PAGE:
Detroit by Charlie LeDuff
An American Autopsy

70%

12 Critic Reviews

A book full of both literary grace and hard-won world-weariness.
-Kirkus

Synopsis

Back in his broken hometown, Pulitzer Prize–winning journalist Charlie LeDuff searches through the ruins for clues to its fate, his family’s, and his own. Detroit is where his mother’s flower shop was firebombed in the pre-Halloween orgy of arson known as Devil’s Night; where his sister lost herself to the west side streets; where his brother, who once sold subprime mortgages with skill and silk, now works in a factory cleaning Chinese-manufactured screws so they can be repackaged as “May Be Made in United States.”

Having led us on the way up, Detroit now seems to be leading us on the way down. Once the richest city in America, Detroit is now the nation’s poorest. Once the vanguard of America’s machine age—mass production, blue-collar jobs, and automobiles—Detroit is now America’s capital for unemployment, illiteracy, dropouts, and foreclosures. It is an eerie and angry place of deserted factories and abandoned homes and forgotten people. Trees and switchgrass and wild animals have come back to reclaim their rightful places. Coyotes are here. The pigeons have left. A city the size of San Francisco and Manhattan could neatly fit into Detroit’s vacant lots. After revealing that the city’s murder rate is higher than the official police number—making it the highest in the country—a weary old detective tells LeDuff, “In this city two plus two equals three.”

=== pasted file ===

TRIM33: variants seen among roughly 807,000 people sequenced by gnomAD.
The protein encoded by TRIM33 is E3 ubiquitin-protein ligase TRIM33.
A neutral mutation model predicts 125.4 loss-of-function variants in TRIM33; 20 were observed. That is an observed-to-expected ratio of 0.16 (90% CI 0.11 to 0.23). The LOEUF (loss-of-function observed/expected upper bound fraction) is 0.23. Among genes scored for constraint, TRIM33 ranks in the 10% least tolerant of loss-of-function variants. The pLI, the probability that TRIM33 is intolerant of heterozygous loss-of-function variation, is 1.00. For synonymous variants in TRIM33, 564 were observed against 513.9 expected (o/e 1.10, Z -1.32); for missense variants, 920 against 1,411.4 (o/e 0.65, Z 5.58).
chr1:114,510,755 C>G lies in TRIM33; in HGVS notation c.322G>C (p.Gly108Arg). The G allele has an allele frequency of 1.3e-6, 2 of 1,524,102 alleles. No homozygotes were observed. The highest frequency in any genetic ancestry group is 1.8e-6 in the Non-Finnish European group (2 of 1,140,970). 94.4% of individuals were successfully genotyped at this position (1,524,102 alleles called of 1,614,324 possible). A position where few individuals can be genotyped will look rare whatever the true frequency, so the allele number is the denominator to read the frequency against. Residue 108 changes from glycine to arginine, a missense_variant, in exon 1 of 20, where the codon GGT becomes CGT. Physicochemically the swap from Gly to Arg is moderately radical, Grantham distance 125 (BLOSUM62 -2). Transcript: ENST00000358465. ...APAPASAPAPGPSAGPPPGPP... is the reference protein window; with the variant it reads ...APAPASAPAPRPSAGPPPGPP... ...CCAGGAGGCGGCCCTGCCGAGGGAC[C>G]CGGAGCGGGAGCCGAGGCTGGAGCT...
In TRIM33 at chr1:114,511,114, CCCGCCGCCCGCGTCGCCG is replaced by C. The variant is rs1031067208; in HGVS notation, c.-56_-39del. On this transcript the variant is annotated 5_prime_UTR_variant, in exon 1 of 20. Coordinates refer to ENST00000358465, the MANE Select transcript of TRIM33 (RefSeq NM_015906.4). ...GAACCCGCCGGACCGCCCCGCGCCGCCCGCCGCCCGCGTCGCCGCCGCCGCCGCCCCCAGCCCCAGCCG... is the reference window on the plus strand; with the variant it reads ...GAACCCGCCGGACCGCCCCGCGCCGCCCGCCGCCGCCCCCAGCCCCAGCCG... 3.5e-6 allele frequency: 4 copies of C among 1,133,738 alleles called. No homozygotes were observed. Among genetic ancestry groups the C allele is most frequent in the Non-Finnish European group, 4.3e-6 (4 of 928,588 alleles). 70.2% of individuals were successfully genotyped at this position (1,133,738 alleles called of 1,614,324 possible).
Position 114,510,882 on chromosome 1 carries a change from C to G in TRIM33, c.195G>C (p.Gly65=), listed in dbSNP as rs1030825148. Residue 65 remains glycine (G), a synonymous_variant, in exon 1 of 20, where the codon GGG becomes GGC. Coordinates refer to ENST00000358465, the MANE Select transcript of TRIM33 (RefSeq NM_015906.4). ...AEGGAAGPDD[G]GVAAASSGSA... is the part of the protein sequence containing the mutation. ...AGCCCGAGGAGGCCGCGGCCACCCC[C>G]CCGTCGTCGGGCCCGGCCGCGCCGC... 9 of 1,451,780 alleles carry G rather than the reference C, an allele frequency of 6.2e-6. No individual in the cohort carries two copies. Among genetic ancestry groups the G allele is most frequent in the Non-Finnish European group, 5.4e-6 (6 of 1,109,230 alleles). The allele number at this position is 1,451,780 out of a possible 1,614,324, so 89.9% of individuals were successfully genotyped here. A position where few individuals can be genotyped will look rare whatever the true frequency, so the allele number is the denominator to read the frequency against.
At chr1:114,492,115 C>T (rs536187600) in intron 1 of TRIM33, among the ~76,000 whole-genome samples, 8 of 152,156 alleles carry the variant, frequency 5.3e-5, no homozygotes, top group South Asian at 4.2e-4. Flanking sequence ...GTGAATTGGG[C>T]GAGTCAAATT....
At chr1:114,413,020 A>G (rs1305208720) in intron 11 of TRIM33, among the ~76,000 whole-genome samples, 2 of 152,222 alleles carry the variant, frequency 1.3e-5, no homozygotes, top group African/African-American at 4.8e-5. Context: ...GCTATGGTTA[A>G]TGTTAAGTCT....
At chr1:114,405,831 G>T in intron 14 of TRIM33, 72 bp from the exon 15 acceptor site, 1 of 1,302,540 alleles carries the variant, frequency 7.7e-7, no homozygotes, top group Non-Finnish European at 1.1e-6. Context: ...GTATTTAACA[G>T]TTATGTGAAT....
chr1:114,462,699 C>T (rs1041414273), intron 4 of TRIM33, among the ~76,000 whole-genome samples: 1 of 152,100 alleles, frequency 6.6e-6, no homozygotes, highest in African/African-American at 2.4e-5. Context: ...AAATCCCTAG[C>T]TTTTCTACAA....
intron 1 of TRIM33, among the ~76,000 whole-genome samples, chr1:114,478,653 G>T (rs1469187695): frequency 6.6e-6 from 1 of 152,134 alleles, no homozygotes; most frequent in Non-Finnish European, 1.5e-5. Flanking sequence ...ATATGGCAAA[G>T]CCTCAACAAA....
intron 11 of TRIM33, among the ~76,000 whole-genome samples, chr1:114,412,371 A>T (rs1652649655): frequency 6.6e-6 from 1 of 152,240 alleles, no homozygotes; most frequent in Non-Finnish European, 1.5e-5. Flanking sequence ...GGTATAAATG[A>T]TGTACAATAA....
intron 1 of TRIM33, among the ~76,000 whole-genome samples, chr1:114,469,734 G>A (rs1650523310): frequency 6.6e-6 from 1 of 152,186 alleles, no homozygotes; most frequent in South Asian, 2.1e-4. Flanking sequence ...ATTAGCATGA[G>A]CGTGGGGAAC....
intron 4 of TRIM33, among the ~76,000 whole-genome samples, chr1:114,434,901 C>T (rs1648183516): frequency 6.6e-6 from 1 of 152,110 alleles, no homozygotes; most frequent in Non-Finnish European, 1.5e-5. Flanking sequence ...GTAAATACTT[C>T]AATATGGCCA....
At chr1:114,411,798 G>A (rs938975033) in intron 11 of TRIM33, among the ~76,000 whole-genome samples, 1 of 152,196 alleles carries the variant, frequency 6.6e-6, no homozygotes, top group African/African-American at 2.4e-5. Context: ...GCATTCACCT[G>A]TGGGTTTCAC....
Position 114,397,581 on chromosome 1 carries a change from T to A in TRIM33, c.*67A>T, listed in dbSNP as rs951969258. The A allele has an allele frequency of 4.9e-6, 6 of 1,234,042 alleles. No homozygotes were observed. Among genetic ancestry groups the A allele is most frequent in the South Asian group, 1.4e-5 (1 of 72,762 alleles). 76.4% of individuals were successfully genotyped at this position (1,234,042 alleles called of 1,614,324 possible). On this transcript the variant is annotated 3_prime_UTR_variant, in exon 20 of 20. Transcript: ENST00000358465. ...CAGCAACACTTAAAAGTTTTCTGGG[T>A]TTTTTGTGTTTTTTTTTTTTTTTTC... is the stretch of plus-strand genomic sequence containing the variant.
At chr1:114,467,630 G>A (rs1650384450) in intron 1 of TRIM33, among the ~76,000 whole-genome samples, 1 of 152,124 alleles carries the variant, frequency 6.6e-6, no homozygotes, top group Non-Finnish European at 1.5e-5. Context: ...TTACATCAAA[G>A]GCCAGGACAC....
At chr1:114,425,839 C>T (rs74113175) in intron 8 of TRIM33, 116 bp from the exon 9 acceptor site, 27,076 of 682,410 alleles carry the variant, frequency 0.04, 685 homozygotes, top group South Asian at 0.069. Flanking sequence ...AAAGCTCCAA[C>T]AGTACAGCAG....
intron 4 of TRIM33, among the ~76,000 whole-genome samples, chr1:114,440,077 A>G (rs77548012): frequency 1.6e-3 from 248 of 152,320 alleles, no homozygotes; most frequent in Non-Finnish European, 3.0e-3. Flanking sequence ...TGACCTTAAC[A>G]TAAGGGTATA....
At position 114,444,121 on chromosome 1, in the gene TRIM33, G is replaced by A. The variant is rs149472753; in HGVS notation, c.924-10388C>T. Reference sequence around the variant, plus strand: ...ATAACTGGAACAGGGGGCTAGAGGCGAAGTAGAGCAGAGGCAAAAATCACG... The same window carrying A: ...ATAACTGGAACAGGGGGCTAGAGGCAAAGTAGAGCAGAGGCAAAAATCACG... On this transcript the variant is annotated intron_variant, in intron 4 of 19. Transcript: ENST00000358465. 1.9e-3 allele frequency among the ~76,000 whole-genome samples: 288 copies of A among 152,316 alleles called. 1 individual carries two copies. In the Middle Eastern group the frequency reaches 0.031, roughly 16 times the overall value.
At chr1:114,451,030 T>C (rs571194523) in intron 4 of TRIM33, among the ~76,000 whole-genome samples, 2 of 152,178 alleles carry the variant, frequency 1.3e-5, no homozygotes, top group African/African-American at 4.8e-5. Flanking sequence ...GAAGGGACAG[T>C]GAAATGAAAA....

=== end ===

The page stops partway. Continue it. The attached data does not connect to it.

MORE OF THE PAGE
With the steel-eyed reportage that has become his trademark and the righteous indignation only a native son possesses, LeDuff sets out to uncover what destroyed his city. He embeds with a local fire brigade struggling to defend its city against systemic arson and bureaucratic corruption. He investigates politicians of all stripes, from the smooth-talking mayor to career police officials to ministers of the backstreets, following the paperwork to discover who benefits from Detroit’s decline. He beats on the doors of union bosses and homeless squatters, powerful businessmen and struggling homeowners, and the ordinary people holding the city together by sheer determination.

If Detroit is America’s vanguard in good times and bad, then here is the only place to turn for guidance in our troubled era. While redemption is thin on the ground in this ghost of a city, Detroit: An American Autopsy is no hopeless parable. LeDuff shares an unbelievable story of a hard town in a rough time filled with some of the strangest and strongest people our country has to offer. Detroit is a dark comedy of the absurdity of American life in the twenty-first century, a deeply human drama of colossal greed and endurance, ignorance and courage.
 

About Charlie LeDuff

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CHARLIE LEDUFF was a staff writer at The New York Times, a reporter at The Detroit News, and is now a television journalist for Detroit's FOX2 News. He contributed to a Pulitzer Prize-winning New York Times series and has received a Meyer Berger Award for distinguished writing about New York City. He is the author of US Guys and Work and Other Sins.
 
Published February 7, 2013 by Penguin Books. 305 pages
Genres: Biographies & Memoirs, History. Non-fiction
Bestseller Status:
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Peak Rank on Mar 03 2013